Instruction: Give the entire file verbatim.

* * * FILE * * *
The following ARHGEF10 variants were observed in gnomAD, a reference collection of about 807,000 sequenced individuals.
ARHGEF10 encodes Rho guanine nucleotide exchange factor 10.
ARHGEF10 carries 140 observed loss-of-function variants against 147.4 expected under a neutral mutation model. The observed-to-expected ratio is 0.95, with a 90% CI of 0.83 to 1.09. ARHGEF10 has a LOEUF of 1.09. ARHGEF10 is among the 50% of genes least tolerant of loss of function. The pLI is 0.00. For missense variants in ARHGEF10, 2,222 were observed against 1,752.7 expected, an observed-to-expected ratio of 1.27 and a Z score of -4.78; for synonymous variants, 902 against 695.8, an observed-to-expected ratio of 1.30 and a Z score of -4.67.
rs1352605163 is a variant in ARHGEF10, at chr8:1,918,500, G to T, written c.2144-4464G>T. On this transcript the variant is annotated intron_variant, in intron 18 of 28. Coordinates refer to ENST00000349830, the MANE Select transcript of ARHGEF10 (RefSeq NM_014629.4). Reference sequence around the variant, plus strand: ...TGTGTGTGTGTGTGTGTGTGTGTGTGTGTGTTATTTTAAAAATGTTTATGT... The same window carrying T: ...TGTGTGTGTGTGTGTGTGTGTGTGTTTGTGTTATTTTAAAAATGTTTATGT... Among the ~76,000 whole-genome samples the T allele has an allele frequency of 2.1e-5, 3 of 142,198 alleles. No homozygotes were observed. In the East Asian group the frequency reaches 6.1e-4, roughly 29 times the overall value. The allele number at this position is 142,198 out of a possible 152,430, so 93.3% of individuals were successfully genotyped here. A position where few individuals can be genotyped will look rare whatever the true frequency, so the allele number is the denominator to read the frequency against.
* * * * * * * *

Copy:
The following ARHGEF10 variants were observed in gnomAD, a reference collection of about 807,000 sequenced individuals.
ARHGEF10 encodes Rho guanine nucleotide exchange factor 10.
ARHGEF10 carries 140 observed loss-of-function variants against 147.4 expected under a neutral mutation model. The observed-to-expected ratio is 0.95, with a 90% CI of 0.83 to 1.09. ARHGEF10 has a LOEUF of 1.09. ARHGEF10 is among the 50% of genes least tolerant of loss of function. The pLI is 0.00. For missense variants in ARHGEF10, 2,222 were observed against 1,752.7 expected, an observed-to-expected ratio of 1.27 and a Z score of -4.78; for synonymous variants, 902 against 695.8, an observed-to-expected ratio of 1.30 and a Z score of -4.67.
rs1352605163 is a variant in ARHGEF10, at chr8:1,918,500, G to T, written c.2144-4464G>T. On this transcript the variant is annotated intron_variant, in intron 18 of 28. Coordinates refer to ENST00000349830, the MANE Select transcript of ARHGEF10 (RefSeq NM_014629.4). Reference sequence around the variant, plus strand: ...TGTGTGTGTGTGTGTGTGTGTGTGTGTGTGTTATTTTAAAAATGTTTATGT... The same window carrying T: ...TGTGTGTGTGTGTGTGTGTGTGTGTTTGTGTTATTTTAAAAATGTTTATGT... Among the ~76,000 whole-genome samples the T allele has an allele frequency of 2.1e-5, 3 of 142,198 alleles. No homozygotes were observed. In the East Asian group the frequency reaches 6.1e-4, roughly 29 times the overall value. The allele number at this position is 142,198 out of a possible 152,430, so 93.3% of individuals were successfully genotyped here. A position where few individuals can be genotyped will look rare whatever the true frequency, so the allele number is the denominator to read the frequency against.